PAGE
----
Stop number BLUE 9: To the right of Vincent Wilk(e)s you will see the memorial headstone for Edward Carter.
Memorial to E Carter
Read his story below and when you are ready to move on click on the dot/circle for Mrs Peddle.
Edward Carter's memorial
Oxford Road (SWOP RHW01156)
Edward Carter 1879-1916
My name’s Edward Carter, although everyone called me Pat. We live, we fight, we honour and we die. But we do it for our country and our families. And that’s what’s important.
I was born in the year 1879 to my loving parents Josiah Thomas & Alice Carter. I had an older brother, Fredrick Carter, who was born in 1874, and four sisters. We shared some fun and rather memorable times together although things changed when my mother died, aged 40, in 1887.
It wasn’t long before I began to bore over an evening of chores. Even the odd treat of snakes and ladders with Fredrick was beginning to get old. I wanted things to be better, I wanted to do something more with my life. So that’s when my father introduced me to the art of chair making. But not everyone thought much of it. Being a chair turner wasn’t at all the change or purpose I was looking for. Nonetheless, I suppose I ought to thank Father for guiding me in that direction, for that was when I first met Minnie, she was my best friend and it was thereafter when I made perhaps one of the best decisions of my life – to marry her and have a family of my own. We married in Wycombe in 1900. I went to work for one of the bigger furniture companies in the town, James Cox and Son in Oxford Road. It was one of the first companies to employ salesmen and we had our own showroom in London. I worked for them for 15 years.
The next few years seemed to pass by very quickly. We lived together in our own house: number 89 on Oxford Road and we had 4 children, two girls and two boys. The eldest girl we called Alice after my mother.
Apart from my family my other great love was football and I played for many local teams including Wycombe Wanderers. We won the Wycombe Cup in 1904. The Bucks Free Press said that my play could hardly be described as classical but I was a hard worker and possessed sound judgement!
Many spoke of Britain’s greatest battle that was yet to come and said that they would need me, they would need us in the British Army. Indeed, the sequence of battles that you commonly call the First World War was beginning and I along with hundreds and thousands of others decided in join up. In May 1915 I signed up with my good friend Charles Massey. He was to survive the war, although he was captured and held by the Germans for two years. I left my beloved wife, Minnie Carter, with a patriotic tear in my eye for the country I so dearly loved. But I also said goodbye to Fredrick, my close brother who had also signed up but joined a different regiment known as the Royal Warwickshire Regiment. He smiled at me and shook my hand ... for the last time. This was it, an adventure: a chance to represent my country on the battlefield – and see somewhere different.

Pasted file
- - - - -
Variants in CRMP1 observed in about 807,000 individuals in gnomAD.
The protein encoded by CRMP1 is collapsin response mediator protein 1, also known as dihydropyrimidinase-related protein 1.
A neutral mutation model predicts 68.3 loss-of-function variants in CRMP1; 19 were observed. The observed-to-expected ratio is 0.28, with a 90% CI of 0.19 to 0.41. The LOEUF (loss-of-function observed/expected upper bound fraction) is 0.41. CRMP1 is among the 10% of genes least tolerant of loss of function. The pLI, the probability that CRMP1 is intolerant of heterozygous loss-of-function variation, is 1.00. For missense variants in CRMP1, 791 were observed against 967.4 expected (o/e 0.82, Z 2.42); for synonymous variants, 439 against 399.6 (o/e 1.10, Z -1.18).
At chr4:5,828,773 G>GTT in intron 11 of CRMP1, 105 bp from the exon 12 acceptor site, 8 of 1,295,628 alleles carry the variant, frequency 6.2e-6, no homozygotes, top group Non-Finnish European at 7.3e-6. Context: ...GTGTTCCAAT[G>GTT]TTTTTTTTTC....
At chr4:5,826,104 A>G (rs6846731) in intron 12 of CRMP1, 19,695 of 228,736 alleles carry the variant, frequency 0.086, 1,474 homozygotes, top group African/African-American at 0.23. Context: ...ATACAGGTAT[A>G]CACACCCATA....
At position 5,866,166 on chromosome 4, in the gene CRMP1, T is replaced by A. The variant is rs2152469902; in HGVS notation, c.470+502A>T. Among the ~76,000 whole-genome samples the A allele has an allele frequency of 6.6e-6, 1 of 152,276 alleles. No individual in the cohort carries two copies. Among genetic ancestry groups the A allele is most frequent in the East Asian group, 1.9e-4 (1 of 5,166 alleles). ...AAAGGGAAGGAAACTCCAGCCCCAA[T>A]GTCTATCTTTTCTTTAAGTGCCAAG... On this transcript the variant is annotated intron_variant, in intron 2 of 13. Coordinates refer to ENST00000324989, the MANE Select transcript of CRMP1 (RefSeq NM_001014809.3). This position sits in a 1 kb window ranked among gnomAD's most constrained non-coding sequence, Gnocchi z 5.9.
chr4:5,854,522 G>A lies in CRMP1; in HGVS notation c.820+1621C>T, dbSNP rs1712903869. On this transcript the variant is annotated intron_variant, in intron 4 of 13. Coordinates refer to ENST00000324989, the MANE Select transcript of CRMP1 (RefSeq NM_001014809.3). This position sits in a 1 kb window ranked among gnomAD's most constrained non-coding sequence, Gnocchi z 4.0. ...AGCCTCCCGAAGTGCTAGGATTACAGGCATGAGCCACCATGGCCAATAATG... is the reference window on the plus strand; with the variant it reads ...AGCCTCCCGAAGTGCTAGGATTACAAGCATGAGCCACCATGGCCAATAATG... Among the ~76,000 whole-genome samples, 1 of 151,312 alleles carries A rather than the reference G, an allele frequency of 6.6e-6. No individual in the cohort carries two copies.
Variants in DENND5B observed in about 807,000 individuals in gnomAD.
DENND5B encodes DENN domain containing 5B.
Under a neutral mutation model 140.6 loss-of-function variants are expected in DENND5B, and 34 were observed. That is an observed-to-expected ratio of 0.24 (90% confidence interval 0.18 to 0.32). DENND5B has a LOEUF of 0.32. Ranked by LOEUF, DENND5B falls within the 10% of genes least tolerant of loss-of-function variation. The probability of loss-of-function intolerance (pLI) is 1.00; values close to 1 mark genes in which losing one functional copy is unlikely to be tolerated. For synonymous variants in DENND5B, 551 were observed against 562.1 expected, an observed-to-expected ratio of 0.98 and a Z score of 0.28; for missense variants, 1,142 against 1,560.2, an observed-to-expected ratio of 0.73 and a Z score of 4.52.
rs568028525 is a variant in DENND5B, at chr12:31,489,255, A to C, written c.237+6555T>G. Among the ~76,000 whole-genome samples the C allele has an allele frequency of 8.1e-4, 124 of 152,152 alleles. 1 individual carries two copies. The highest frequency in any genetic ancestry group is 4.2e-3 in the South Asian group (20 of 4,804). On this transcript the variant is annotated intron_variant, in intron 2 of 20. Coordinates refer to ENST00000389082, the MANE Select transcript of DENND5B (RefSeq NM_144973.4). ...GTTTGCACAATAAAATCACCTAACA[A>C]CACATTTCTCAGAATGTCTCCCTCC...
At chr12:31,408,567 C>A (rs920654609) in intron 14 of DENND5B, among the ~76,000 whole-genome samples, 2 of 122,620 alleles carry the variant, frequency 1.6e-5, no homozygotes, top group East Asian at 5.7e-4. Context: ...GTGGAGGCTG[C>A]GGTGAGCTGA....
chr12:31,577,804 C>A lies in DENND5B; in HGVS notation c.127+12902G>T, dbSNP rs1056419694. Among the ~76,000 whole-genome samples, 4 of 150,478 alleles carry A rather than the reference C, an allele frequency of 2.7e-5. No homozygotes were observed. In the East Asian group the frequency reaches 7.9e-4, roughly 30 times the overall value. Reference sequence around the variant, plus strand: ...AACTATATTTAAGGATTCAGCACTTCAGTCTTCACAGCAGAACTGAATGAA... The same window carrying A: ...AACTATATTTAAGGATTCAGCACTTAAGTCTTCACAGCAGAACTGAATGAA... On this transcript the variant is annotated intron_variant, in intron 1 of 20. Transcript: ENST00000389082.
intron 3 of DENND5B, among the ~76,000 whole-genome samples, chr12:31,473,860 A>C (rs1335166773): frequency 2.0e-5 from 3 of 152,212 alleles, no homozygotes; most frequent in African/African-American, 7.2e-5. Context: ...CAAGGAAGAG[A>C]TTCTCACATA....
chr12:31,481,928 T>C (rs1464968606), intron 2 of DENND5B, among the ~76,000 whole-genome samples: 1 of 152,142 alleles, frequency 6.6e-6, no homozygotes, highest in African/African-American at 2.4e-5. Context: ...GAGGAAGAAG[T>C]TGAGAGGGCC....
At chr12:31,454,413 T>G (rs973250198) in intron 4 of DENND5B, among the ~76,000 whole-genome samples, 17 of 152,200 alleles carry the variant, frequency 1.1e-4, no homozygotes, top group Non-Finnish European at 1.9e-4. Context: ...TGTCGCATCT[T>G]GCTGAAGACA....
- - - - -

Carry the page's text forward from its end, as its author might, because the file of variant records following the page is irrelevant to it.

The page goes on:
I was a part of the Oxford and Bucks Light infantry: 2nd battalion. I served my purpose as a man of the army, a proud and honourable British Soldier – but I was good at it too and was promoted to become a Lance Corporal. I had been made part of a small sapping platoon; we constructed trenches and other engineering tasks. On the 30th of July 1916 (an extremely hot and humid day with highs of 28 degrees) we moved to the front line trenches near Waterlot Farm. We were making progress to the east of Trones Wood but then the Germans started bombing us down with heavy artillery. We were aiming to take the village of Guillemont - I along with the hundreds of other men battled bravely that day and we had over 200 casualties. I was one of them when a shell killed me instantly. One of my Wycombe friends Albert Ball told my wife that I would be missed as I often entertained them by playing the mouth organ. We live, we fight, we honour and we die; we do it for our country and our families.
My brother Frederick was injured in early 1918 and although he reached home, he died from his wounds in December 1918, just as everyone was celebrating the end of the war.
Edward Carter researched and performed by Dylan Thakker To see the performance on YouTube click here.